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A Standardized Extract of Ginger May Reduce Knee Pain in Elderly
By Darin Ingels, ND

Healthnotes Newswire — Daily use of a highly concentrated extract of ginger by elderly people may reduce the pain associated with osteoarthritis of the knee, according to a new report in Arthritis and Rheumatism.1 Ginger has been traditionally used in herbal medicine for nausea, heartburn, muscle aches, and more recently as a treatment for motion sickness. While the exact mechanism by which ginger relieves pain remains unclear, animal and test tube studies indicate that ginger may inhibit key enzymes that lead to inflammation.2 3

This six-week controlled trial examined the effects of taking either a daily supplement of a standardized ginger extract (510 mg per day from Zingiber officinale and Alpinia galanga) or placebo in 247 elderly men and women with knee pain. In addition to their treatment, all participants were allowed to use up to 4,000 mg per day of acetaminophen, as needed, to control pain. The primary assessment was the degree of pain on standing, measured by the visual analog scale (VAS), a numerical pain scale between 0 and 100, where 0 is pain-free and 100 indicates severe pain and impairment.

The researchers found that knee pain was reduced in 63% of people taking the ginger extract, compared with 50% of those receiving the placebo, a statistically significant difference. People taking ginger reported a 24.5-point decrease in the VAS pain scale, compared with a 16.4-point decline in those taking the placebo. Pain after walking and stiffness in the knee were also reduced in both ginger and placebo groups; however, the effects were greater in those taking the ginger extract. Side effects, including belching, heartburn, and nausea were reported in 59% of those receiving ginger, compared with 37% of the placebo group. None of these effects were described as being serious. Use of acetaminophen was equal in both groups and did not alter the results.

Although the effect of ginger extract on knee pain was only modest, evidence suggests that other nutritional supplements may be even more effective for individuals with osteoarthritis. Studies have shown that 1,500 mg of glucosamine sulfate per day significantly reduced both degeneration in the knee and pain,4 and was as effective as, or more effective than, ibuprofen (Advil®).5 6 Other reports have demonstrated that 1,200 mg of S-adenosylmethionine (SAMe) per day decreased pain in the knee and worked as well as naproxen (Aleve®).7 8 Despite causing minor stomach and intestinal side effects in some cases, ginger is considered safe, and including ginger extract as part of a comprehensive treatment program may be helpful in controlling the pain of osteoarthritis and in living a more active life.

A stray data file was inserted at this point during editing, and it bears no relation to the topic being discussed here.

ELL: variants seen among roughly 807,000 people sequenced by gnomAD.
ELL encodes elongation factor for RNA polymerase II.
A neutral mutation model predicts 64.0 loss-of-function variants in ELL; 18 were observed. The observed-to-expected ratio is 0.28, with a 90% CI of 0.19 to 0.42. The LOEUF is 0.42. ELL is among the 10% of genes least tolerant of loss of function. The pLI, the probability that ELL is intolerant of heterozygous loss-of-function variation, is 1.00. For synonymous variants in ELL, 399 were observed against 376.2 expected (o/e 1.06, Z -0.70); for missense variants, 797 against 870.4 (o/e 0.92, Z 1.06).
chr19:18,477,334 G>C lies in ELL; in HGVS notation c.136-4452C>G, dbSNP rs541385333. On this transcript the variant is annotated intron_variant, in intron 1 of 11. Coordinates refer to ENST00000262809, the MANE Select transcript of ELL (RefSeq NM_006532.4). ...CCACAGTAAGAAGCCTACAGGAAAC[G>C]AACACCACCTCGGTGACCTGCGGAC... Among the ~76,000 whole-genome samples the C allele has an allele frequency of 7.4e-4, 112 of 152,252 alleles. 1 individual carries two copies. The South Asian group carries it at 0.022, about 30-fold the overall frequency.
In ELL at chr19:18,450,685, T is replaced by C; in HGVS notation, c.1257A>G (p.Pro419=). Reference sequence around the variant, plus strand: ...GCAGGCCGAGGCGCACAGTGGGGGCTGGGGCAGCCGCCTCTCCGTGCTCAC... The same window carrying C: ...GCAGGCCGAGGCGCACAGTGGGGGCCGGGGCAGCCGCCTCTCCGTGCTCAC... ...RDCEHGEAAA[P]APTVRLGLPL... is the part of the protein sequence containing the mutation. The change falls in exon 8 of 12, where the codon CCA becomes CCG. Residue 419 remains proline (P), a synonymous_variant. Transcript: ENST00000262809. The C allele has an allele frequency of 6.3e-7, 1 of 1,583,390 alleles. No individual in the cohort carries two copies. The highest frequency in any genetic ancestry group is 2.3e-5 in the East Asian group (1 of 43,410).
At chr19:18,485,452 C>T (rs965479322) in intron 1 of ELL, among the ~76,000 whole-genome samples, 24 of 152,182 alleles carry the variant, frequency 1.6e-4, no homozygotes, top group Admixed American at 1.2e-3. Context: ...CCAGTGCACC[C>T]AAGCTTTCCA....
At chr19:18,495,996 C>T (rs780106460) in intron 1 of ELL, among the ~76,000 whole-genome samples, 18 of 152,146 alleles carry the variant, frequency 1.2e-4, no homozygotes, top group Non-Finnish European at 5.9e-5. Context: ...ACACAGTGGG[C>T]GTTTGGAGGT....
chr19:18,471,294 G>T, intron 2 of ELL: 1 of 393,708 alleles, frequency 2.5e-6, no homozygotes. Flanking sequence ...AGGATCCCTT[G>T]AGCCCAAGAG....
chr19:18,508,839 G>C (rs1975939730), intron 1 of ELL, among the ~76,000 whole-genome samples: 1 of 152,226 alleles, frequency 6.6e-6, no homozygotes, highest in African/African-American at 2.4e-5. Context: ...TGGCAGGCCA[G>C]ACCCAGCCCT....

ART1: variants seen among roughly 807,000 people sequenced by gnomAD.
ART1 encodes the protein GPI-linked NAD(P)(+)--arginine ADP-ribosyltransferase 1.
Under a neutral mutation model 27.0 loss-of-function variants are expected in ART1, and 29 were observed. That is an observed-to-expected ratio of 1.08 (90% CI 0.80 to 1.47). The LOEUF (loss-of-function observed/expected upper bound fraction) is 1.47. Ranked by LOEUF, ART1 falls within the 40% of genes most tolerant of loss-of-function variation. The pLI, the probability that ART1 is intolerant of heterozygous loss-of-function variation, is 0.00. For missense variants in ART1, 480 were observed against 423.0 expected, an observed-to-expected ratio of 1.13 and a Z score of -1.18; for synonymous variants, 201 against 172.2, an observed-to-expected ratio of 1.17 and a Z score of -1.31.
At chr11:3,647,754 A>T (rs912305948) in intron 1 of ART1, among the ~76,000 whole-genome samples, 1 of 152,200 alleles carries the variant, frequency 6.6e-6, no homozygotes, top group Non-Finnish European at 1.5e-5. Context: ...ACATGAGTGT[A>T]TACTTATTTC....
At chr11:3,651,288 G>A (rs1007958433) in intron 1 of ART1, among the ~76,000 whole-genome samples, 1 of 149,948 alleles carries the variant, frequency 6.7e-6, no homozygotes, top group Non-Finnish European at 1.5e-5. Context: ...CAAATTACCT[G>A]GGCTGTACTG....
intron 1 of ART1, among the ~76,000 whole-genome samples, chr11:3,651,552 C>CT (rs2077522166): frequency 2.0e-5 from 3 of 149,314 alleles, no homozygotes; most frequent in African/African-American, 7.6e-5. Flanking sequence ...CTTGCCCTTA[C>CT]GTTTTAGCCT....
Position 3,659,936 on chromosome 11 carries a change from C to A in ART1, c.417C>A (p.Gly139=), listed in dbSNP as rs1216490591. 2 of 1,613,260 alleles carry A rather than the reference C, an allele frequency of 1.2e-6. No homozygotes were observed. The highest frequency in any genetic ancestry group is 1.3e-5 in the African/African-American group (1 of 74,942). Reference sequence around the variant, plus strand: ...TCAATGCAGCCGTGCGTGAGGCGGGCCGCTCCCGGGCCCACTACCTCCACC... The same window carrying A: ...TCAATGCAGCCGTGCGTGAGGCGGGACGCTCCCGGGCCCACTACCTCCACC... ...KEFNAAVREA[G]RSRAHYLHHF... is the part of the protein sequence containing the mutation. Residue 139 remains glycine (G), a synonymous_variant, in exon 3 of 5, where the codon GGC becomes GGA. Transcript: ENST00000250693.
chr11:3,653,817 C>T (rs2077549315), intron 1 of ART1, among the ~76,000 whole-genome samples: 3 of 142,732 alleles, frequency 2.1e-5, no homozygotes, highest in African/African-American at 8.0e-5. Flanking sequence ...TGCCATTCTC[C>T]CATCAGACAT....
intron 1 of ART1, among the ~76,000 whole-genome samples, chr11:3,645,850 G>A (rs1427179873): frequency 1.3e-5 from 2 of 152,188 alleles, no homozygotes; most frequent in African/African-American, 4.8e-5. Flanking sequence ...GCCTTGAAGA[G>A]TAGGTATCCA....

1. Altman RD, Marcussen KC. Effects of a ginger extract on knee pain in patients with osteoarthritis. Arthritis Rheum 2001;44:2531–8.
2. Mustafa T, Srivastava KC, Jensen KB. Drug development: report 9. Pharmacology of ginger, Zingiber officinale. J Drug Dev 1993;6:25–89.
3. Tjendraputra E, Tran VH, Liu-Brennan D, et al. Effect of ginger constituents and synthetic analogues on cyclooxygenase-2 enzyme in intact cells. Bioorg Chem 2001;29:156–63.
4. Reginster JY, Deroisy R, Rovati LC, et al. Long-term effects of glucosamine sulphate on osteoarthritis progression: a randomised, placebo-controlled clinical trial. Lancet 2001;357:247–8.
5. Qiu GX, Gao SN, Giacovelli G, et al. Efficacy and safety of glucosamine sulfate versus ibuprofen in patients with knee osteoarthritis. Arzneimittelforschung 1998;48:469–74.
6. Muller-Fassbender H, Bach GL, Haase W, et al. Glucosamine sulfate compared to ibuprofen in osteoarthritis of the knee. Osteoarthritis Cartilage 1994;2:61–9.
7. Konig B. A long-term (two years) clinical trial with S-adenosylmethionine for the treatment of osteoarthritis. Am J Med 1987;83:89–94.
8. Caruso I, Pietrogrande V. Italian double-blind multicenter study comparing S-adenosylmethionine, naproxen, and placebo in the treatment of degenerative joint disease. Am J Med 1987;83:66–71.

Darin Ingels, ND, MT (ASCP), received his bachelor’s degree from Purdue University and his Doctorate of Naturopathic Medicine from Bastyr University in Kenmore, WA. Dr. Ingels is the author of Garlic and Cholesterol: Everything You Need to Know (Prima, 1999) and Natural Treatments for High Cholesterol (Prima, 2000). He currently is in private practice in Westport, CT, where he specializes in environmental medicine and allergies. Dr. Ingels is a regular contributor to Healthnotes and Healthnotes Newswire.


Information presented at is for educational purposes only; statements about products and health conditions have not been evaluated by the U.S. Food & Drug Administration. Copyright ©2007 Inc.